Mitchell Marsh has struck only 1 half-century in his 14 Tests so far for Australia © Getty Images
Mitchell Marsh has struck only 1 half-century in his 14 Tests so far for Australia © Getty Images

So far, so good. Ever since Australia started their rebuilding phase after their humiliation in England and the retirement of as many as six players, they have done a decent job. They have been making steady recovery, and their ascend close to the No. 1 spot certainly gets some backing when Australia produce performances such as the one they did against New Zealand in the first Test at Wellington. While the Australian progress graph has been on the rise, there still seems to be some dilemma surrounding Mitchell Marsh, whom they have been pushing as a specialist batsman of late, after keeping him in the bracket of all-rounders. FULL CRICKET SCORECARD: New Zealand vs Australia 2015-16, 2nd Test at Christchurch

During Ashes 2015, Marsh competed with Shane Watson for the all-rounder’s spot. While Marsh played the second, third and final Tests, he never really managed to cement a place in the side. Australia continued to get their selections wrong and Marsh, like the rest of the team, floundered on the chances he got.

The retirement of Watson post Ashes 2015 meant Marsh would get a longer run, he has still not made his mark yet in Test cricket. In his final ODI against India last month, the right-handed batsman struck his maiden century to display his hunger for runs, but what Australia has been seeking from him are runs, the way a specialist batsman scores. ALSO READ: Mitchell Marsh aims to gain local knowledge with IPL 2016 experience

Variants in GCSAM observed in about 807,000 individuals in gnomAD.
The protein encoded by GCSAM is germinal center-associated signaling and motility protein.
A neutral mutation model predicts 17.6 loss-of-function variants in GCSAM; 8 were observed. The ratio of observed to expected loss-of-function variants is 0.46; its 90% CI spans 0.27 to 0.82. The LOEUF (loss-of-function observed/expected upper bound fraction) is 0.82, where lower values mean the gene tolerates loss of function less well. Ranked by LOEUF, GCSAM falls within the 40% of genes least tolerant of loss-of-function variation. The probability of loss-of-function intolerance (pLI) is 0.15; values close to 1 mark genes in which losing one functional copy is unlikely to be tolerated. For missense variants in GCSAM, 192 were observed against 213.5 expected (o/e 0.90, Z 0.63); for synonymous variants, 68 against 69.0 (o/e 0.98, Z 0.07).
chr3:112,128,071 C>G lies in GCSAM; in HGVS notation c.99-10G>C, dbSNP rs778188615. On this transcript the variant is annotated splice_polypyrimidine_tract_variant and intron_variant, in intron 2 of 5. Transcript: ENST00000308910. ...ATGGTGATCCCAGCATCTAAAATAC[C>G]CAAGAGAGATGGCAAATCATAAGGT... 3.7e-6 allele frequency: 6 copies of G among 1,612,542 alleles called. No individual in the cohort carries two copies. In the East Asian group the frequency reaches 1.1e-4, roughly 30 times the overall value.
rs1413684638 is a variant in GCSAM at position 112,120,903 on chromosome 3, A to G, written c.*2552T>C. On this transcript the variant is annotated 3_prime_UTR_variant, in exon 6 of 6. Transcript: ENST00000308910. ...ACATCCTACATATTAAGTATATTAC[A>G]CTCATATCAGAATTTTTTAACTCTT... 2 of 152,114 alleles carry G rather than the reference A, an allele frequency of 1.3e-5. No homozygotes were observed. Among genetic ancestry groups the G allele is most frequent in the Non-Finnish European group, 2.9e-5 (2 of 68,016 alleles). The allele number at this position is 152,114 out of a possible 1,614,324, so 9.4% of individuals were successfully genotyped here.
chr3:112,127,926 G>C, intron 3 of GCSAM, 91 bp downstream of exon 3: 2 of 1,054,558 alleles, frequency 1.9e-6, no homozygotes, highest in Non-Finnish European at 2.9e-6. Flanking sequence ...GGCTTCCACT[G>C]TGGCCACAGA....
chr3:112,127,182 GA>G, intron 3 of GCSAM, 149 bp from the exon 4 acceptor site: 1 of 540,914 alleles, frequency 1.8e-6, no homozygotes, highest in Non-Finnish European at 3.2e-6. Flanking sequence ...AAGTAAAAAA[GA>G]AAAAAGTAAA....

Marsh has not been a grinder as a batsman as much as he has been known to strike the ball well. He did show pedigree in his maiden half-century in Test cricket — a 116-ball 87 against Pakistan at Abu Dhabi — but since then has not been able to get runs. Marsh has played many innings of significance in ODI cricket, but he is yet to repeat the same in Test cricket, which is what Australia have been sweating over.

First of all, Australia must determine what they seek from Marsh. If he is an all-rounder, it will be a bit unfair to expect runs from him in the magnitude of specialist batsmen. And most importantly, if the top-order has been doing the job for them, why are Australia pushing Marsh to turn into a regular batsman? His ascension in the batting order in the ODI series against India signalled this belief, and Marsh responded with his maiden century at SCG. ALSO READ: Mitchell Marsh scores maiden ODI hundred, during 5th ODI against India at Sydney

If Australia are pushing Marsh into becoming a specialist batsman (who can send down a few overs), they will have to calculate the risk of losing out on an all-rounder who can provide quick runs late in the batting order. The impact Marsh can create with his late-order hitting can be of significant value than yet another specialist batsman, if Marsh is being made to focus as a specialist batsman, the other aspects of his game — bowling — is likely to suffer.

(Devarchit Varma is senior writer with CricketCountry. He can be followed on Twitter @Devarchit)